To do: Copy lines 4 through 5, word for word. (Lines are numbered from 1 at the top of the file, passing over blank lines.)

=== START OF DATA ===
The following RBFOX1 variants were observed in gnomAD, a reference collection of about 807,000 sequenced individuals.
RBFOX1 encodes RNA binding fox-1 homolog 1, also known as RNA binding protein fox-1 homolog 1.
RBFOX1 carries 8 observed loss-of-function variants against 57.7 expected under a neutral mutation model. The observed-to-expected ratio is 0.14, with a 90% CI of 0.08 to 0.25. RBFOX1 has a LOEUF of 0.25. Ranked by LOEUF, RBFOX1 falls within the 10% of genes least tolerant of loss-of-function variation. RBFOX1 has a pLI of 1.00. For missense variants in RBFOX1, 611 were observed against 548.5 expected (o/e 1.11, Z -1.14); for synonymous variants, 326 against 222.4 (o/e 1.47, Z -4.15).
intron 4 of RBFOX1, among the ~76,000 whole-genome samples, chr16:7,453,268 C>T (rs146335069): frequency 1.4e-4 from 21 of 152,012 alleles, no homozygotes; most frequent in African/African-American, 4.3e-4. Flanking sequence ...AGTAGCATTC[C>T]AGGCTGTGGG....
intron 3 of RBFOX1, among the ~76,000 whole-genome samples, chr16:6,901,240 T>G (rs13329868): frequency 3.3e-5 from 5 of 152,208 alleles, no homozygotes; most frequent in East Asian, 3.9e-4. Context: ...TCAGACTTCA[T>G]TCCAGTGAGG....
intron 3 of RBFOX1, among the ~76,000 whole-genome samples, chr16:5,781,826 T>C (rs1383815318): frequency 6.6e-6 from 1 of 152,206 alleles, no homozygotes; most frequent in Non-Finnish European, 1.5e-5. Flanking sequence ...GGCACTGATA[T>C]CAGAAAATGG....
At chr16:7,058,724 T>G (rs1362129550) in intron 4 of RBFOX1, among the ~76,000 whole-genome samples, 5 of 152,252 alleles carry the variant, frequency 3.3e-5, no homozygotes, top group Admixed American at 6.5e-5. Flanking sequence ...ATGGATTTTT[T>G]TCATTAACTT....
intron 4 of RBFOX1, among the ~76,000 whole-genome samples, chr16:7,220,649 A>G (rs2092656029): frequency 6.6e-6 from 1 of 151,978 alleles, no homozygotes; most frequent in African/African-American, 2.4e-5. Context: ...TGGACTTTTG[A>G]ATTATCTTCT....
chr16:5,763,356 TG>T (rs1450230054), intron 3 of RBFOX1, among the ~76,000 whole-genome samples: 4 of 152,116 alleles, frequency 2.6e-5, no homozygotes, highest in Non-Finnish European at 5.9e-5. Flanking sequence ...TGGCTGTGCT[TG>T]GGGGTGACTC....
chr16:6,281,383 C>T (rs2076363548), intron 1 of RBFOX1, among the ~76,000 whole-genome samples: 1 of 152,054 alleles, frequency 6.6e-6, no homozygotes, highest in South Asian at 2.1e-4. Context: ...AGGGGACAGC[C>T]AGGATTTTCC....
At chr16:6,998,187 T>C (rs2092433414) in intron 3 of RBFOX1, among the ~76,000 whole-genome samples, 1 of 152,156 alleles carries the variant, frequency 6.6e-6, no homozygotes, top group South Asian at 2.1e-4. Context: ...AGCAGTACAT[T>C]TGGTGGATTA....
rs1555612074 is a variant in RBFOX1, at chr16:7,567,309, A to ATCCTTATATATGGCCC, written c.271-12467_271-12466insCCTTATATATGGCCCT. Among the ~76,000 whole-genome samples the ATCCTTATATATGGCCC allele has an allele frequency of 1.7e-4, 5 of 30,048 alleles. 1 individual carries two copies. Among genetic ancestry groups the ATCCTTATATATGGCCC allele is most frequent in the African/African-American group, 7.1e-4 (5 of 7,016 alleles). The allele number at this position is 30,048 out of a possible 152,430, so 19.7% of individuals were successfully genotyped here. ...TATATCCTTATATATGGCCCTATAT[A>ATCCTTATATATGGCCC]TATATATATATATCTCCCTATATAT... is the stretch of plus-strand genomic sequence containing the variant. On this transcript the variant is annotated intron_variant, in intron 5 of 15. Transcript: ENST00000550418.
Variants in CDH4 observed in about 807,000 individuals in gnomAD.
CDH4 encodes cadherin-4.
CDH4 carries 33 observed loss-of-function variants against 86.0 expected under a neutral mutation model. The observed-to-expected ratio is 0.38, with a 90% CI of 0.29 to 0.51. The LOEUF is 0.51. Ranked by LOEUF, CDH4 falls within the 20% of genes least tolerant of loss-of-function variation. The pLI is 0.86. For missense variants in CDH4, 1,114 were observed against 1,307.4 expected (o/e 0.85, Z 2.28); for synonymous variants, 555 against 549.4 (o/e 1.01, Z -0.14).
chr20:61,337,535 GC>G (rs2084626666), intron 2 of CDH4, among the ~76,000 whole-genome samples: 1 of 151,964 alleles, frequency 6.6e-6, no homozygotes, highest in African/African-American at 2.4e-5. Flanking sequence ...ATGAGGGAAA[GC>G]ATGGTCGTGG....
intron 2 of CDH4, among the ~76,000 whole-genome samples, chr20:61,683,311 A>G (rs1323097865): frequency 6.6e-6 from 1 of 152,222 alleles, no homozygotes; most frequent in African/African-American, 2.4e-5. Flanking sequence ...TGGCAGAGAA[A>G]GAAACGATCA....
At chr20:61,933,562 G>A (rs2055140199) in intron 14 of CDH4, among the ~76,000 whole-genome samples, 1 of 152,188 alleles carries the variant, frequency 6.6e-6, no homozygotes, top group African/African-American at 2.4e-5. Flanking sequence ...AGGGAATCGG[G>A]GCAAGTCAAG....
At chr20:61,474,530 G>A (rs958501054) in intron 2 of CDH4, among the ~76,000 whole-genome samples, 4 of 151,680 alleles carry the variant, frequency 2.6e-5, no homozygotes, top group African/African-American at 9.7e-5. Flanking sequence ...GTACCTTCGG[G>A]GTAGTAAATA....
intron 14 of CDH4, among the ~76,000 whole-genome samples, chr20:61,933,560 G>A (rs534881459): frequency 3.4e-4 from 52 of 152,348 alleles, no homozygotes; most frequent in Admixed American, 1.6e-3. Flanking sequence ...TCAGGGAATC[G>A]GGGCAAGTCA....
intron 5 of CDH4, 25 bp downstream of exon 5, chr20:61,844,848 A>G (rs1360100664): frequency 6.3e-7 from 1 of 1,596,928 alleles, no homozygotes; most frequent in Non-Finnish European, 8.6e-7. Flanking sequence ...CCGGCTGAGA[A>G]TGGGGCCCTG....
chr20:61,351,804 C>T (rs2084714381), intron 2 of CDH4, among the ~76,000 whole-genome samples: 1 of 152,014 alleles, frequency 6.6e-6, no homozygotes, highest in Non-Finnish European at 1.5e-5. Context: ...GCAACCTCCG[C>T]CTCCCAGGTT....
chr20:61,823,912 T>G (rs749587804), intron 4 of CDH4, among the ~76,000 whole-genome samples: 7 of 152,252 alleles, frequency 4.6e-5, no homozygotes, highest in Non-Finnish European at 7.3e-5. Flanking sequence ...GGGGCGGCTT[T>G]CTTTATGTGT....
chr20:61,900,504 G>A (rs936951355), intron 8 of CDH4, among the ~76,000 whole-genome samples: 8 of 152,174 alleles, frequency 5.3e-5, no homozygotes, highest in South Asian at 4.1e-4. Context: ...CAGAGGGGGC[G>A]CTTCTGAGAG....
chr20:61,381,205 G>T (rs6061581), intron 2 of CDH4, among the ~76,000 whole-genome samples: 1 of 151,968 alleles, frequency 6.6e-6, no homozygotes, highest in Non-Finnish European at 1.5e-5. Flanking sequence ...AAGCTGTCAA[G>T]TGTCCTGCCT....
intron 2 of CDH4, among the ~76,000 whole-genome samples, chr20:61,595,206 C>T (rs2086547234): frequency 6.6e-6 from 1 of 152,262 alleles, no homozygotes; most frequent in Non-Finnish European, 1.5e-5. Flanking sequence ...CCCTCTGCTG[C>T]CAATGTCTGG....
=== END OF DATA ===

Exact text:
intron 4 of RBFOX1, among the ~76,000 whole-genome samples, chr16:7,453,268 C>T (rs146335069): frequency 1.4e-4 from 21 of 152,012 alleles, no homozygotes; most frequent in African/African-American, 4.3e-4. Flanking sequence ...AGTAGCATTC[C>T]AGGCTGTGGG....
intron 3 of RBFOX1, among the ~76,000 whole-genome samples, chr16:6,901,240 T>G (rs13329868): frequency 3.3e-5 from 5 of 152,208 alleles, no homozygotes; most frequent in East Asian, 3.9e-4. Context: ...TCAGACTTCA[T>G]TCCAGTGAGG....